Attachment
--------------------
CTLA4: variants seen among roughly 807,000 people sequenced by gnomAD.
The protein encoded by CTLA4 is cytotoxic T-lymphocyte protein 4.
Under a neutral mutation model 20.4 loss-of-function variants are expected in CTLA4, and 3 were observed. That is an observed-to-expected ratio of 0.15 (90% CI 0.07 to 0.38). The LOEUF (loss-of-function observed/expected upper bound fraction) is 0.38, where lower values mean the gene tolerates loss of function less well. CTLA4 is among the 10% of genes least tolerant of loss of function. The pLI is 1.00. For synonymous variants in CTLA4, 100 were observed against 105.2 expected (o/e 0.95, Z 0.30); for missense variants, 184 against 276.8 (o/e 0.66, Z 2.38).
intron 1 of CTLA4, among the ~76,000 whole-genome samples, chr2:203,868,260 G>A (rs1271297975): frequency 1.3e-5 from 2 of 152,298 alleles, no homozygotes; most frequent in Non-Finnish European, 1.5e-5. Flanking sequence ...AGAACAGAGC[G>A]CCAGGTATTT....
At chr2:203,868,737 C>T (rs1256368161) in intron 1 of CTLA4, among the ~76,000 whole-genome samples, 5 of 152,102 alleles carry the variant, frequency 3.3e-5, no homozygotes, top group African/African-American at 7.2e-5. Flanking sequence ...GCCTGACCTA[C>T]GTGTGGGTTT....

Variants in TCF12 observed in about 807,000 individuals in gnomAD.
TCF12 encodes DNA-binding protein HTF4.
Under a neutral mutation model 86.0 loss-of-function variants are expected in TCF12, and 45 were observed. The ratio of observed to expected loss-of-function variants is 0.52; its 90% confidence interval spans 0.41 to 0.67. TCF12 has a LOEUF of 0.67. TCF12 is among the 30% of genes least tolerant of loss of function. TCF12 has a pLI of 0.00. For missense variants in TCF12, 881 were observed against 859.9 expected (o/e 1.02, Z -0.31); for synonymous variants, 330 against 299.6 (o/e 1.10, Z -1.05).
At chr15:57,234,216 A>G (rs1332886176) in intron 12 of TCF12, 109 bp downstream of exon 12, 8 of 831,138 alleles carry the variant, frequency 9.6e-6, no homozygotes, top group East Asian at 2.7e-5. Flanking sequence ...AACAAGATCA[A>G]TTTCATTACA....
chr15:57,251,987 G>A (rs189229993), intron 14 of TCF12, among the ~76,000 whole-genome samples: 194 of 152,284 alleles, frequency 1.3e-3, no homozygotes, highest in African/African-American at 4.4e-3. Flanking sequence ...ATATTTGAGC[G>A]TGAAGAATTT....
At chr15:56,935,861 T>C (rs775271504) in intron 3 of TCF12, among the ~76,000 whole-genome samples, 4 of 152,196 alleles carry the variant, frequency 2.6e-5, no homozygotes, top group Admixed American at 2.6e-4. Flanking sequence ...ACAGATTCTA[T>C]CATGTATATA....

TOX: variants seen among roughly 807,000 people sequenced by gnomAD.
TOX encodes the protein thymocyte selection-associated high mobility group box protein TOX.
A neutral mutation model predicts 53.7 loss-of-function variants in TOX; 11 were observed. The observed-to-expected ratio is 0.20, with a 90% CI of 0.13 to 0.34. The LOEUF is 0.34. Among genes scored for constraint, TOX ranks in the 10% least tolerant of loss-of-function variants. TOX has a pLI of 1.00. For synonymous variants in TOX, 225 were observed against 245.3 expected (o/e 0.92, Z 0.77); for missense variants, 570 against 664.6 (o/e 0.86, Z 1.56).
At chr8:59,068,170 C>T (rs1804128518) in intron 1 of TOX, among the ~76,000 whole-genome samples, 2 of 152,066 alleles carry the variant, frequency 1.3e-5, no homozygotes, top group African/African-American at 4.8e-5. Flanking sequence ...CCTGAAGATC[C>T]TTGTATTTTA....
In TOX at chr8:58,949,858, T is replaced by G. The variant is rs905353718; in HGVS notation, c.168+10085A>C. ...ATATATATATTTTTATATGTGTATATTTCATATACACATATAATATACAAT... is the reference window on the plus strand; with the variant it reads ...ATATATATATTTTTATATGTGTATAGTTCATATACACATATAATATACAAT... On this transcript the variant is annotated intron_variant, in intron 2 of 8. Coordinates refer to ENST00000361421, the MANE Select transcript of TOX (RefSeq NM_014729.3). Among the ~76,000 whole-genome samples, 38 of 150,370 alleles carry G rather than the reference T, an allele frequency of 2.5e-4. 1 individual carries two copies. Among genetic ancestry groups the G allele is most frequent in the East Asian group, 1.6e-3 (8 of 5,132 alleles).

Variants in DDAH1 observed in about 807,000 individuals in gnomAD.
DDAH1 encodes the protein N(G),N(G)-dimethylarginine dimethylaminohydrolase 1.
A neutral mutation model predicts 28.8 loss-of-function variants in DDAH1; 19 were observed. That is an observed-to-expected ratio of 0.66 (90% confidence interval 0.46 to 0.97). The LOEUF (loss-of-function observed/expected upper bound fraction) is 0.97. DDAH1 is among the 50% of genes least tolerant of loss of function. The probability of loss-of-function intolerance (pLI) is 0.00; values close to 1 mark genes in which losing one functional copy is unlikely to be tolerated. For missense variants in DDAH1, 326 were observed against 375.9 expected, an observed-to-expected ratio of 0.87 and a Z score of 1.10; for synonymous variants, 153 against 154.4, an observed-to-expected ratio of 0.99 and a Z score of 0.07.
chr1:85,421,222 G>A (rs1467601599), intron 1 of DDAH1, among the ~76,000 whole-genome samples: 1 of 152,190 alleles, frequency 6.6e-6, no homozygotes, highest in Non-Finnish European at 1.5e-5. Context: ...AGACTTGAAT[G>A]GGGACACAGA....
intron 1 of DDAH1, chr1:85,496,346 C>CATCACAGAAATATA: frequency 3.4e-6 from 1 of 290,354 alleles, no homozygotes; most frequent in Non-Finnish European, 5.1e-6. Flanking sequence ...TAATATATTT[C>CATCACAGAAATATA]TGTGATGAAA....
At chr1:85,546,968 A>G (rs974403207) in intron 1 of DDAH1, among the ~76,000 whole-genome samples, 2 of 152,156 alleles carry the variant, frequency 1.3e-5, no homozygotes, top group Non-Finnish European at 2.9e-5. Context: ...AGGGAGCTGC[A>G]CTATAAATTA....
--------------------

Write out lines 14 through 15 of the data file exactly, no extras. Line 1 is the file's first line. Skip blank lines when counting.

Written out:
A neutral mutation model predicts 53.7 loss-of-function variants in TOX; 11 were observed. The observed-to-expected ratio is 0.20, with a 90% CI of 0.13 to 0.34. The LOEUF is 0.34. Among genes scored for constraint, TOX ranks in the 10% least tolerant of loss-of-function variants. TOX has a pLI of 1.00. For synonymous variants in TOX, 225 were observed against 245.3 expected (o/e 0.92, Z 0.77); for missense variants, 570 against 664.6 (o/e 0.86, Z 1.56).
At chr8:59,068,170 C>T (rs1804128518) in intron 1 of TOX, among the ~76,000 whole-genome samples, 2 of 152,066 alleles carry the variant, frequency 1.3e-5, no homozygotes, top group African/African-American at 4.8e-5. Flanking sequence ...CCTGAAGATC[C>T]TTGTATTTTA....